M54 POL Tanker in MASSTER

take no offense, but is a long standing joke in the Army. Some were just fine, and some fit the bill. Yet I’ve seen more than my share of OCS grads that were just lost in space. Some of the best officers I ever saw were actually Mustangs, and were never treated well by the ticket punchers. I saw more than my share of officers relieved, and virtually every one was OCS. Some I felt got the wrong end of the stick, and a few got what was needed. Yet I never saw but two full bird Colonels relieved, but saw many more that needed it. My Colonel was an exception to the field. He was pretty damned good, and lead by example. One cannot ask for more than that. If he had one fault, it was that he blamed himself when things went bad.

Gary, better that he blame himself when things went bad rather than blame somebody else. We’ve all seen plenty of those!

But I come from an Army family, both my dad and uncle were career soldiers. I learned that even though I was higher in rank than my NCO’s there was no way I was even close to as experienced as they were and that the best policy was to go to your NCOs, let them know that you were going to rely on their judgement and you’d really appreciate their help in making sure that the mission got done right and that the soldiers were taken care of.

Never had an NCO try to bust my ass after that conversation.

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Thank you for the explanation, I appreciate this. :smiley: :+1:

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my only bitch about that man was that he was a little too serious. Maybe a smile was the best you’d get out of him. I and two others got hurt, and he sent his own slick in there rather than wait forty minutes for a guy to bleed to death. That was the way he was. When you woke up in the hospital, you could bet your life he was in the building! If there was more than one, he’d have the Sargent Major in there with him. Really all I can say about him was that he was a good man. On the otherhand he was kind of stuck with with some serious duds right under him. I learned to carry a dislike for ticket punchers, and he was not a ticket puncher!

My first trip out west was like traveling blind folded. Nobody knew exactly where we were headed. He landed that slick and go off in the middle of the Valley, and sent it back home to get the XO and Sargent Major. Then stayed with us several days. Ate C-Rat’s like the rest of us (even refused the beans and wienies and gave them to another kid). That’s how your earn respect with your kids. He got mortared and rocketed several times with us and just took it with a smile. Slept with a different squad every night. Top told him to hide his 45 under his shirt, and he promptly did that. Right before leaving us, he asked the boys what the most wanted, and right after women we said ice cream. We got ice cream a couple times flown out of his slick as fast as it would go.

all I’m saying here is that he led by example instead of just flying around.

OK, today’s installment is more scratch work on the trailer. In order to make the front stand rotate and pivot it needs to have a block mounted as follows. Additionally the pivot mount at the front of the trailer frame is drilled out and a bold/nut assembly scratch built to mount the front leg.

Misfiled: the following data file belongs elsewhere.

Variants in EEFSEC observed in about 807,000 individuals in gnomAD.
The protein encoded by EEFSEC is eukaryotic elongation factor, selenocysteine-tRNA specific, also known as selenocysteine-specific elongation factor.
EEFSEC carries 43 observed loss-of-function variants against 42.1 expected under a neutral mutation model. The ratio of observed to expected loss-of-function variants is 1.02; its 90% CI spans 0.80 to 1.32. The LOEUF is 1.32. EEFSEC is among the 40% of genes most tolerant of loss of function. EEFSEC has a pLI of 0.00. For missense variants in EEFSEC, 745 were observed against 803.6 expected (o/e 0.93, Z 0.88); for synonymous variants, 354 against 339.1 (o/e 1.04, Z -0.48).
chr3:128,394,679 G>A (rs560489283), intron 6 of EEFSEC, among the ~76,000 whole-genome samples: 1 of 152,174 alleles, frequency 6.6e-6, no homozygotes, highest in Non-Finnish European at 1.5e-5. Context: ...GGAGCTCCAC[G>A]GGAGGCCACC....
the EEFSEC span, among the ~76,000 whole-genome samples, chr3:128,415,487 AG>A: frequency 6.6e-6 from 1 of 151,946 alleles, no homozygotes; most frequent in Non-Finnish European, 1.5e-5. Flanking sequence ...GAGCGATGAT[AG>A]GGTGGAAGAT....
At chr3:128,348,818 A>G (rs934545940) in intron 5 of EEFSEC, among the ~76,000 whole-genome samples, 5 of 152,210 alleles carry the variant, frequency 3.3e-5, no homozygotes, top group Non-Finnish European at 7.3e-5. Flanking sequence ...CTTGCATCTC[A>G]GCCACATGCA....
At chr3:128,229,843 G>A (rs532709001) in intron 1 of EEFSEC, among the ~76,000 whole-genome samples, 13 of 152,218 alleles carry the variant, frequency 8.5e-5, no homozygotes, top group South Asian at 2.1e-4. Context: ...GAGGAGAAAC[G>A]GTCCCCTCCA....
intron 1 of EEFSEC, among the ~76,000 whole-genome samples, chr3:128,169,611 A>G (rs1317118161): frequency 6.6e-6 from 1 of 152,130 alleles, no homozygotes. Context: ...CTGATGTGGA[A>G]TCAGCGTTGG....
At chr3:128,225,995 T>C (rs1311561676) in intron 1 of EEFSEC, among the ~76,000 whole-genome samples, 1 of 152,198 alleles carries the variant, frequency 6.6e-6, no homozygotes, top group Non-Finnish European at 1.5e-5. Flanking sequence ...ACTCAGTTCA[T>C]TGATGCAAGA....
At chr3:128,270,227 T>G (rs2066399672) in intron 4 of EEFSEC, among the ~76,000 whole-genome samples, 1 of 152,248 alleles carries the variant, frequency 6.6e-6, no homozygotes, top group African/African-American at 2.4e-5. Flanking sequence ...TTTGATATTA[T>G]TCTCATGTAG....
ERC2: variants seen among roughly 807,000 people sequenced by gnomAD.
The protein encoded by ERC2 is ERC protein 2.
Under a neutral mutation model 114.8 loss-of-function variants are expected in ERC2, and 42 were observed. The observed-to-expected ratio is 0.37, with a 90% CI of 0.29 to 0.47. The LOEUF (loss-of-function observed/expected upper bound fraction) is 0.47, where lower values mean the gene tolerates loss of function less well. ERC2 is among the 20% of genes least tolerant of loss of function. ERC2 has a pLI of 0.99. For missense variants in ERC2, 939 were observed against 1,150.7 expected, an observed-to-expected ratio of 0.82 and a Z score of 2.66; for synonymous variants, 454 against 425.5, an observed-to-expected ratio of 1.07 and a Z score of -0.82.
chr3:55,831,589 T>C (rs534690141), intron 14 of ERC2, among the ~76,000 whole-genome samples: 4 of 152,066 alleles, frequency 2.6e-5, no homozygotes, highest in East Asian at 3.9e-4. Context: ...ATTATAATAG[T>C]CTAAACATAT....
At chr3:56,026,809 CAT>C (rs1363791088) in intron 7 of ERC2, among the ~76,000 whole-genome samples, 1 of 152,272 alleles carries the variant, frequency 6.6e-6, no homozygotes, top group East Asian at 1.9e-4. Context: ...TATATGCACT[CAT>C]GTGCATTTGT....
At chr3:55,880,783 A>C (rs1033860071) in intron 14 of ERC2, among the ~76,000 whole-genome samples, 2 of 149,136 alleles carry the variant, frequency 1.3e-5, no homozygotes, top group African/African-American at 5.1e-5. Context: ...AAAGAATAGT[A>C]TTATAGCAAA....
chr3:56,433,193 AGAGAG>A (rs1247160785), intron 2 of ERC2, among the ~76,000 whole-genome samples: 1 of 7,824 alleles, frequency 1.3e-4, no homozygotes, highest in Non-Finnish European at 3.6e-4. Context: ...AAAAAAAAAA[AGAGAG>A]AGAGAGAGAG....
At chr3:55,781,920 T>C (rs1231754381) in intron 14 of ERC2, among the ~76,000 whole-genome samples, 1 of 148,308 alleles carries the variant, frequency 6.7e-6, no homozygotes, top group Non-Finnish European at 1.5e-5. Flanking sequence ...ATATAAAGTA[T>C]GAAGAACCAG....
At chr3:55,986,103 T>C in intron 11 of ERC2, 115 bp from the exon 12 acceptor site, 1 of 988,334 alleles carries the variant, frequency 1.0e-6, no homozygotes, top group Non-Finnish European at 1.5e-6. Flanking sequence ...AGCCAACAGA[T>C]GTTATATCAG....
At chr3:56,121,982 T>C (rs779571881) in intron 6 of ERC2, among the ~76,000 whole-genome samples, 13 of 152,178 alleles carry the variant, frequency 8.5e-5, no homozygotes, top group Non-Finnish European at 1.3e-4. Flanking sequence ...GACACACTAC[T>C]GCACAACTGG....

One other modification that I’m making is replacing all the kit resin u-bolts with bent wire as they are much more substantial.

All these photos are pretty much the same as those I took for the M35 Maintenance Truck. An added bonus is that all those photos reminded me what I did and served as very nice instructions!

Next I’m adding two posts to mount the air brake line “glad hands” on the trailer when they’re not in use, plus the attachment points for where the wiring harness for the lights comes in.

Now the three components for the air brake system are mounted, one to the frame and two underneath the trailer bed. Some holes are drilled and a couple of fittings added for adding the lines after painting.In addition there is a junction block added to the trailer bed which will connect to one end of the brake jounce hose attached to the axle.

Next the wheel ends are drilled out to accommodate both the parking brake fittings and the hydraulic main brake lines, which are added on to the axle and attached to a junction block along with the lines. This junction block connects with a flexible hose, called a “jounce hose” and that attaches to the fitting on the trailer bed. This allows for the suspension, with the wheels and axle to move up and down (or jounce) and the flex hose keeps the brakes connected during the up and down motion.

Next the springs are assembled mounted to the frame, along with the PE brackets which are used for the auxiliary springs on top of the main springs. Then the axle is mounted and the u-bolts attached.

Now the tailgate, which has had all four hinges drilled out, is temporarily used to locate the scratch built hinges on to the trailer bed. Some wire is used to ensure alignment.

Then the latches to the tailgate are added. There is a PE piece on the end of the tailgate, and the pieces on the bed are actually identical in construction to the hinge pieces used on the gate itself. And one other scratch built piece will be where the tailgate chain attaches to the trailer bed.

The last pieces needing to be scratch built are the glad hands (which are the connectors at the end of the air brake lines which connect to the truck) along with a pin which represents the plug for the trailer lights, along with the hooks for the safety chains which get added to the front of the trailer right underneath the tow pintle.

And then since I’m thinking about it, I located the piece on the M54 where the lights from the trailer plug in. Since it has the cap in place, it’s removed, and a new one scratch built. A hole is drilled so the “pin” from the trailer wiring harness can be inserted and the scratch built one is simply glued in the “open” position.